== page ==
Dreams exist in a liminal space where time and space are malleable. These spaces where past, present and future merge in consciousness is where dreams emanate. Many of us have had dreams that cross the lines of time and space and then we realize we had a significant dream. Dreams can illuminate the future in a precognitive way; we may see a scene played out that hasn’t yet happened in real time. We may have a dream in which someone we love is close to death and the dream gives us a chance to say goodbye. When we are close to death we may have clear visions of those that have already died and interact with them in visions and dream states. Dreams create an arena where those that have died may enter our consciousness. In this liminal space, we may experience pain in our body simultaneously when a close friend or family member has had a serious accident. We may have a dream that foretells an illness. Our dreams give us access – a portal to other levels of consciousness that we do not normally have.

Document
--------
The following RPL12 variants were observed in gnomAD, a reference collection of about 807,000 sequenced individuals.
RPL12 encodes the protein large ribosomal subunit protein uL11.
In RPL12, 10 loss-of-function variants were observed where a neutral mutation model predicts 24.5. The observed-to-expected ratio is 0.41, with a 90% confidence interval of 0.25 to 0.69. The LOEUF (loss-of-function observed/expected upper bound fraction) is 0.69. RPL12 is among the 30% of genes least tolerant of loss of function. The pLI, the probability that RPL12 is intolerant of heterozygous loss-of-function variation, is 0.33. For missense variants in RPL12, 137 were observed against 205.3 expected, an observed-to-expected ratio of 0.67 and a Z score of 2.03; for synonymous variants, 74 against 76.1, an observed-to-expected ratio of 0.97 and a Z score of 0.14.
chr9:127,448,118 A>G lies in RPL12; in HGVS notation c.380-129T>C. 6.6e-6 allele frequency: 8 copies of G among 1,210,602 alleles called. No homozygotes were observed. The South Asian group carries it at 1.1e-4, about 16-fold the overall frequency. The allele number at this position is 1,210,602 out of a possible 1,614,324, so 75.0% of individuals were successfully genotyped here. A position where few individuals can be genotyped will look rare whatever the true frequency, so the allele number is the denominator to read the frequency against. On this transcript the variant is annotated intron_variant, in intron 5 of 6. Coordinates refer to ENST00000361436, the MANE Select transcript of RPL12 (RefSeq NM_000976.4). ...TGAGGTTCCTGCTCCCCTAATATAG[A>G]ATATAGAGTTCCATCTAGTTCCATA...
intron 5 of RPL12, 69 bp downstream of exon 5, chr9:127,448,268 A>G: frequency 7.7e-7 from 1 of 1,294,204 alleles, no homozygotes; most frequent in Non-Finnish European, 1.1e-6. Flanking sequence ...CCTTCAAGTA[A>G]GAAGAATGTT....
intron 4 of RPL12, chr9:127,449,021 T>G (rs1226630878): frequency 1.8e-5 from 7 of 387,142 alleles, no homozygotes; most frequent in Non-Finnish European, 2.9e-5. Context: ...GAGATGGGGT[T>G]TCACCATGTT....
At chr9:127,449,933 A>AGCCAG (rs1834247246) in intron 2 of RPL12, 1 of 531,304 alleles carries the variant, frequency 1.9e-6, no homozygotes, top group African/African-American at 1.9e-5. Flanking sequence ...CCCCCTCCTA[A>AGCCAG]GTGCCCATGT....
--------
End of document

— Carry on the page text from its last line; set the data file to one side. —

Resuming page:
Dreams offer us a way to know our Self and have a viable relationship with our interior. We are habitually externalized as our attention is continuously drawn outside of ourselves. We live in a highly active world with work, friends, family and social connections and we may become preoccupied with others at the expense of our inner life. We run away from ourselves and focus on social media exchanges, video games, the Internet or watching TV incessantly, and lose connection with our own inner process. Within the silence of our dreams, rich inner activity is revealed: visual scenes, old and new friends that seem randomly picked by our unconscious psyche, animals, foods, lost lovers, sexual encounters, and emotions of sorrow and joy give us access to deep, rich material within.